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I am in High School (P.R.) and I am a regular person in math. Should I try computer science?

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closed as primarily opinion-based by Juho, David Richerby, jmite, D.W., Luke Mathieson Feb 8 '15 at 3:32

Many good questions generate some degree of opinion based on expert experience, but answers to this question will tend to be almost entirely based on opinions, rather than facts, references, or specific expertise. If this question can be reworded to fit the rules in the help center, please edit the question.

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    $\begingroup$ What would you like to do and what do you find interesting? $\endgroup$ – Andrej Bauer Feb 7 '15 at 19:56
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    $\begingroup$ There are two types of computer scientists: those who are strong in math and those who aren't. $\endgroup$ – Dave Clarke Feb 7 '15 at 20:13
  • $\begingroup$ You may visit us in Computer Science Chat and talk about your specific expectations and fears. I would not recommend computer science as a field of studies to a person who is weak in mathematics or dislikes them strongly, but that does not mean it's impossible to attain a degree. (There's also programming and computer engineering.) $\endgroup$ – Raphael Feb 8 '15 at 13:48
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This is a very subjective question, but generally speaking, a computer science degree is (arguably) a mix of the "mathematical" and "engineering" aspects of computer science (there are also "scientific" aspects, but they are hardly usually encountered in undergraduate studies). The shared aspects include basic mathematics such as calculus and linear algebra. "Mathematical" computer science is discrete mathematics, automata theory, computability, computational complexity, algorithms, data structures and so on. "Engineering" aspects include programming computer organization, operating systems, databases, and so on. Advanced topics such as machine learning and computer graphics are (in my view) engineering topics which are relatively mathematical, though usually require continuous mathematics rather than discrete mathematics.

If you agree to this picture, then the conclusion is that computer science is less mathematical than mathematics. Computer programmers typically need to know a very small amount of mathematics. Indeed, even an understanding of mathematical induction is probably beyond what is needed. Most of your fellow classmates will probably have modest mathematical skills, so unless you have mathophobia, I think computer science is within your means.

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  • $\begingroup$ In case anybody stumbles over the lack of science in CS (education) Yuval implies here, I recommend reading some thoughts here. $\endgroup$ – Raphael Feb 8 '15 at 13:46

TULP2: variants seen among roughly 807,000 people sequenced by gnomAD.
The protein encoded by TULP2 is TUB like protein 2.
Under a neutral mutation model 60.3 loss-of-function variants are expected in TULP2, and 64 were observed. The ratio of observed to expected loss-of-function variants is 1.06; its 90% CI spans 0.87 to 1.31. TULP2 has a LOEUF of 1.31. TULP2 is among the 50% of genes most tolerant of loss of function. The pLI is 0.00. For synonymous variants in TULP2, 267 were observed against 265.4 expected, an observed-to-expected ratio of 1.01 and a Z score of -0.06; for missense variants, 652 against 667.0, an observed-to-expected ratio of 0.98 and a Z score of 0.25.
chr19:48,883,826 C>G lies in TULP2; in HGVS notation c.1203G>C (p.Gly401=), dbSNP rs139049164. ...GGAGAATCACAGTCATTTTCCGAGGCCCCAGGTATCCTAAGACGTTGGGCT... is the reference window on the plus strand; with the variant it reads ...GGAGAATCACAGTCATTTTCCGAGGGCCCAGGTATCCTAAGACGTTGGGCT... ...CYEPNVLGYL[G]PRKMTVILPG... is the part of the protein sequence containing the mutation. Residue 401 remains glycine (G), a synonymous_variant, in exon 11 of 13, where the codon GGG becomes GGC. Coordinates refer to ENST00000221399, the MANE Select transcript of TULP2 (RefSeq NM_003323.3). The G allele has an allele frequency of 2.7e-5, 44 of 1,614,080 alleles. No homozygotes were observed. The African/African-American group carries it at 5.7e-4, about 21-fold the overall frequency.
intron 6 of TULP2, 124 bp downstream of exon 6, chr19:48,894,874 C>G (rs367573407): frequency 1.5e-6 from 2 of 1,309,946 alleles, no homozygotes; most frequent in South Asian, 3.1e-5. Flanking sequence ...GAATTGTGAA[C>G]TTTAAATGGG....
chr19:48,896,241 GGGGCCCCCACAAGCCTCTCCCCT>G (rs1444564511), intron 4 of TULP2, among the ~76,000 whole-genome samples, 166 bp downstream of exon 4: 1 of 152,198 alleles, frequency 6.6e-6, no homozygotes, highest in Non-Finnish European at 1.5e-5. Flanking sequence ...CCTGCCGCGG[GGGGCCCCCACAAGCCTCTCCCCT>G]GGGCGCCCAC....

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I am currently doing a undergraduate degree in Computer Science, Computational and Applied Mathematics and Information Systems. I also have worked for a small time in business based software engineering. What Yuval said is true, Computer Science does require less mathematics than a pure-maths degree or even electrical engineering but some of the maths you may encounter will be a bit harder and theoretical.

Depending on your university, the requirements for computer science may also be different. Some universities require a high maths component like multi-variable calculus, statistics and Linear algebra while other may only require some functional concepts such as single variable calculus and some basic algebra. Depending on where you want to go with the degree at the end of your studies having a mathematics background may or may not be useful.

In research, R&D jobs and more physics and optimisation based jobs mathematics is a must but in the business realm unless you are doing specialised work, a background in theoretical mathematics is not really required.

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    $\begingroup$ In this university math courses in computer science are: pre-calculation one and two, calculation one and two, probability and statistics, discrete math and linear algebra. $\endgroup$ – Lean Feb 7 '15 at 23:24
  • $\begingroup$ It looks like there is some mathematics there but no Analysis courses which many find difficult as it is theoretical with many proofs rather than being able to be directly applied to problems outside of theoretical mathematics $\endgroup$ – TRex22 Feb 7 '15 at 23:50
  • $\begingroup$ @Lean sounds easy. I had to have Calculus I, II, and III before I could even apply to the university for a CS degree. I thought linear algebra was the easiest "advanced math" class I had ever seen. $\endgroup$ – JDługosz Apr 7 '16 at 7:51
  • $\begingroup$ Ive graduated and am busy doing my first postgraduate degree. In South Africa that's an honours degree where you learn all the more advanced stuff for masters etc... What Ive found is that the mathematics of cs like multidimensional calc, linear algebra, algorithm analysis and design, statistics and some networks/typologies is a must. Without this grounding it is far more difficult to cope at this course work level. If you are doing straight research than only the content you need can be focused on - although even my research is challenging my somewhat weak maths and forcing me to improve it. $\endgroup$ – TRex22 Apr 24 '17 at 20:24

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